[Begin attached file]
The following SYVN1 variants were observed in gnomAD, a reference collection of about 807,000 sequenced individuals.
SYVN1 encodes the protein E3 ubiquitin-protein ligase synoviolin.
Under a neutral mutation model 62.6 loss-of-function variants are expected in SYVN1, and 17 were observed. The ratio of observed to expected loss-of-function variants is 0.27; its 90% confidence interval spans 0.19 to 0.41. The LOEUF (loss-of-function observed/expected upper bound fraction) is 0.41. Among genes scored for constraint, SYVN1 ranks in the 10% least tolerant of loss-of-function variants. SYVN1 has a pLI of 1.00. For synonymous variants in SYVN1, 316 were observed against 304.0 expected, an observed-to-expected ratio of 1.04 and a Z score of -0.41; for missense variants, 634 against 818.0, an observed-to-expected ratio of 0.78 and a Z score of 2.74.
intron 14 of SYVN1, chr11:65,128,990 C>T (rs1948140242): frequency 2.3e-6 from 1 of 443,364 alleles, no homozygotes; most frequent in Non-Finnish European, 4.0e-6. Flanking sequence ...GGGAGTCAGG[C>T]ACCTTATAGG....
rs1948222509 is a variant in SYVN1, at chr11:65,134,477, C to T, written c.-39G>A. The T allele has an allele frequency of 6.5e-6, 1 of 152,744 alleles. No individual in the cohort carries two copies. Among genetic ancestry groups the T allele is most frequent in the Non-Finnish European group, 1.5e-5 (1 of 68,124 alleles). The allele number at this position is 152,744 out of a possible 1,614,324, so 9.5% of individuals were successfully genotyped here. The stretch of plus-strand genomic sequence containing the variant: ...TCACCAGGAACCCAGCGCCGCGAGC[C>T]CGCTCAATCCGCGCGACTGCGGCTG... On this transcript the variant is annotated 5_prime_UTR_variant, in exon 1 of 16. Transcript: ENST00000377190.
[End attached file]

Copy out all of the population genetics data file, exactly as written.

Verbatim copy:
The following SYVN1 variants were observed in gnomAD, a reference collection of about 807,000 sequenced individuals.
SYVN1 encodes the protein E3 ubiquitin-protein ligase synoviolin.
Under a neutral mutation model 62.6 loss-of-function variants are expected in SYVN1, and 17 were observed. The ratio of observed to expected loss-of-function variants is 0.27; its 90% confidence interval spans 0.19 to 0.41. The LOEUF (loss-of-function observed/expected upper bound fraction) is 0.41. Among genes scored for constraint, SYVN1 ranks in the 10% least tolerant of loss-of-function variants. SYVN1 has a pLI of 1.00. For synonymous variants in SYVN1, 316 were observed against 304.0 expected, an observed-to-expected ratio of 1.04 and a Z score of -0.41; for missense variants, 634 against 818.0, an observed-to-expected ratio of 0.78 and a Z score of 2.74.
intron 14 of SYVN1, chr11:65,128,990 C>T (rs1948140242): frequency 2.3e-6 from 1 of 443,364 alleles, no homozygotes; most frequent in Non-Finnish European, 4.0e-6. Flanking sequence ...GGGAGTCAGG[C>T]ACCTTATAGG....
rs1948222509 is a variant in SYVN1, at chr11:65,134,477, C to T, written c.-39G>A. The T allele has an allele frequency of 6.5e-6, 1 of 152,744 alleles. No individual in the cohort carries two copies. Among genetic ancestry groups the T allele is most frequent in the Non-Finnish European group, 1.5e-5 (1 of 68,124 alleles). The allele number at this position is 152,744 out of a possible 1,614,324, so 9.5% of individuals were successfully genotyped here. The stretch of plus-strand genomic sequence containing the variant: ...TCACCAGGAACCCAGCGCCGCGAGC[C>T]CGCTCAATCCGCGCGACTGCGGCTG... On this transcript the variant is annotated 5_prime_UTR_variant, in exon 1 of 16. Transcript: ENST00000377190.